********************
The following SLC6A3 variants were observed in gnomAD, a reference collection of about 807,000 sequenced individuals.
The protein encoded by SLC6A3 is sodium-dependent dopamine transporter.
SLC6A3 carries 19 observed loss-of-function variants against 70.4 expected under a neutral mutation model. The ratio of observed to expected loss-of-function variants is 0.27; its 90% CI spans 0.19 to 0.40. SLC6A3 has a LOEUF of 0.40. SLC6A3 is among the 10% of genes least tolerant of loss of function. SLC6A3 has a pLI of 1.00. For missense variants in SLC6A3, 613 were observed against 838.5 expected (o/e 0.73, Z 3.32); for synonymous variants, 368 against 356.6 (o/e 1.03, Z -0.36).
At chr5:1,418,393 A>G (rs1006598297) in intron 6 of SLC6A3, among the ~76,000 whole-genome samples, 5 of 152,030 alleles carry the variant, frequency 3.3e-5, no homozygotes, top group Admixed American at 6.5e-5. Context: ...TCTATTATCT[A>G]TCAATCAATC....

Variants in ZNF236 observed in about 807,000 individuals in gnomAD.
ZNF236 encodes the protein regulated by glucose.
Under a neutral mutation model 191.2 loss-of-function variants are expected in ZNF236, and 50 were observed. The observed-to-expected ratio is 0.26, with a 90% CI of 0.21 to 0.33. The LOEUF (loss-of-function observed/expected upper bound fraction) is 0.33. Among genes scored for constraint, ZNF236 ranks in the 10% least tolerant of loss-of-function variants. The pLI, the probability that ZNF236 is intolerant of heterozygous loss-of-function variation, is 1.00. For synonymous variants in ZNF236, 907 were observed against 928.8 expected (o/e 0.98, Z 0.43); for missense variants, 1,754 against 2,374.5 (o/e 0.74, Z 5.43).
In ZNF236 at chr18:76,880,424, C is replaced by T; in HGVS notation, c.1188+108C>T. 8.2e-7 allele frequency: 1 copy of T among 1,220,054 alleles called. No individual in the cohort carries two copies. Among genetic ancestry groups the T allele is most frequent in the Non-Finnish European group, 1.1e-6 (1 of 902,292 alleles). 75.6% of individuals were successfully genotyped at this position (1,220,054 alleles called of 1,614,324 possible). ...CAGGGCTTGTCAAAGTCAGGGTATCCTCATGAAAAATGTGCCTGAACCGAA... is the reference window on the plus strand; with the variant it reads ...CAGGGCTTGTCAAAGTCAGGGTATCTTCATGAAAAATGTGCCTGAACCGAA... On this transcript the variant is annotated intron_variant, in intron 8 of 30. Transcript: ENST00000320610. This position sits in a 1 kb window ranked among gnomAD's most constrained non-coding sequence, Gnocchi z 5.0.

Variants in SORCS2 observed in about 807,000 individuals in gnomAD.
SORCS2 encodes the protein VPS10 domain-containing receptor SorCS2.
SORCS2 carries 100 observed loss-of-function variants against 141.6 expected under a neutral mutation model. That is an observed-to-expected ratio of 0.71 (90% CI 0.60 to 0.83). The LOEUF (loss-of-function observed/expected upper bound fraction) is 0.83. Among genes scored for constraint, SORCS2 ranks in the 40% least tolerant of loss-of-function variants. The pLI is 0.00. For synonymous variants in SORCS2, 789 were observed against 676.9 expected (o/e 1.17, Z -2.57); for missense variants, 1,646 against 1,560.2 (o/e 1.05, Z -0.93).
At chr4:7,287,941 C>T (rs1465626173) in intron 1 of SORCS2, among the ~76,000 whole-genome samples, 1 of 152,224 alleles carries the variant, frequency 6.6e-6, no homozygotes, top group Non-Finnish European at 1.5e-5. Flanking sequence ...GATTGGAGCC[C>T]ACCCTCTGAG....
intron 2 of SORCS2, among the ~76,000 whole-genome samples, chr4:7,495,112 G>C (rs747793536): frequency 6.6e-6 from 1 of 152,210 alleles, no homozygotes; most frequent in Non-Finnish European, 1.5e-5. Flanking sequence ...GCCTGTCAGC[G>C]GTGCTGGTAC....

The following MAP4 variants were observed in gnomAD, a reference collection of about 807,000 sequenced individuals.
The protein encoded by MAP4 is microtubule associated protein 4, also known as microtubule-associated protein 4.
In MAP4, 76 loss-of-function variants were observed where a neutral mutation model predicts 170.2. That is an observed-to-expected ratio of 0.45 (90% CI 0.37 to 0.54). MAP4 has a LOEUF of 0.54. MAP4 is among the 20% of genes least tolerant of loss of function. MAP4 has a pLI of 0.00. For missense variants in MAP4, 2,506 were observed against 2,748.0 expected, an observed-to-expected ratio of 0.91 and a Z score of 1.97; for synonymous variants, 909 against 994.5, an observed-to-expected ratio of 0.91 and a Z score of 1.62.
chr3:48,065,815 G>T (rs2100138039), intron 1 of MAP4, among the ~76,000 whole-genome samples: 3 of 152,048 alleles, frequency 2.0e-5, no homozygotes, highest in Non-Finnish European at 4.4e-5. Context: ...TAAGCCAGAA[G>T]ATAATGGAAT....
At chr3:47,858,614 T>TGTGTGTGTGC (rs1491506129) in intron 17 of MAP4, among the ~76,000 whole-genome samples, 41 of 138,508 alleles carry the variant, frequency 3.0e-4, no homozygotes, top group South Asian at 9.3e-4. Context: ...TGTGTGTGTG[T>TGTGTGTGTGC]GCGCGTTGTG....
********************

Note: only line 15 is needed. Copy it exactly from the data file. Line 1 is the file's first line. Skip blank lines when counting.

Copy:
The protein encoded by MAP4 is microtubule associated protein 4, also known as microtubule-associated protein 4.